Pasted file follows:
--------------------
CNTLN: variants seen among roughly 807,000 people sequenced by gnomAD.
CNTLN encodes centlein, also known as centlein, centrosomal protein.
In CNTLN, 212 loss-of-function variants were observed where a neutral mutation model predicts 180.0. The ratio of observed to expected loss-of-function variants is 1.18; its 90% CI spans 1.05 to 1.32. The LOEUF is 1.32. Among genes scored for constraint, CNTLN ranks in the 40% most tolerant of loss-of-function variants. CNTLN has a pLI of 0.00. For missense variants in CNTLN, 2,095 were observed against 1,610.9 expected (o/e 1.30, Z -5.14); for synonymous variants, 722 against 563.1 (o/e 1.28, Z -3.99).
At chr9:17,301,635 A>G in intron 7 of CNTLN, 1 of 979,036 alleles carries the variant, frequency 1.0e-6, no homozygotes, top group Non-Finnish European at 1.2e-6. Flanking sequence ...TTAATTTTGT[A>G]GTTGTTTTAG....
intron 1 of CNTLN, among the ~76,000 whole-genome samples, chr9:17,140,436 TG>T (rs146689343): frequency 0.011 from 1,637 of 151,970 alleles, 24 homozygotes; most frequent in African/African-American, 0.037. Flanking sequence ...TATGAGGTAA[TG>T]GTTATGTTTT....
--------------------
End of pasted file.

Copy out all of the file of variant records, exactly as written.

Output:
CNTLN: variants seen among roughly 807,000 people sequenced by gnomAD.
CNTLN encodes centlein, also known as centlein, centrosomal protein.
In CNTLN, 212 loss-of-function variants were observed where a neutral mutation model predicts 180.0. The ratio of observed to expected loss-of-function variants is 1.18; its 90% CI spans 1.05 to 1.32. The LOEUF is 1.32. Among genes scored for constraint, CNTLN ranks in the 40% most tolerant of loss-of-function variants. CNTLN has a pLI of 0.00. For missense variants in CNTLN, 2,095 were observed against 1,610.9 expected (o/e 1.30, Z -5.14); for synonymous variants, 722 against 563.1 (o/e 1.28, Z -3.99).
At chr9:17,301,635 A>G in intron 7 of CNTLN, 1 of 979,036 alleles carries the variant, frequency 1.0e-6, no homozygotes, top group Non-Finnish European at 1.2e-6. Flanking sequence ...TTAATTTTGT[A>G]GTTGTTTTAG....
intron 1 of CNTLN, among the ~76,000 whole-genome samples, chr9:17,140,436 TG>T (rs146689343): frequency 0.011 from 1,637 of 151,970 alleles, 24 homozygotes; most frequent in African/African-American, 0.037. Flanking sequence ...TATGAGGTAA[TG>T]GTTATGTTTT....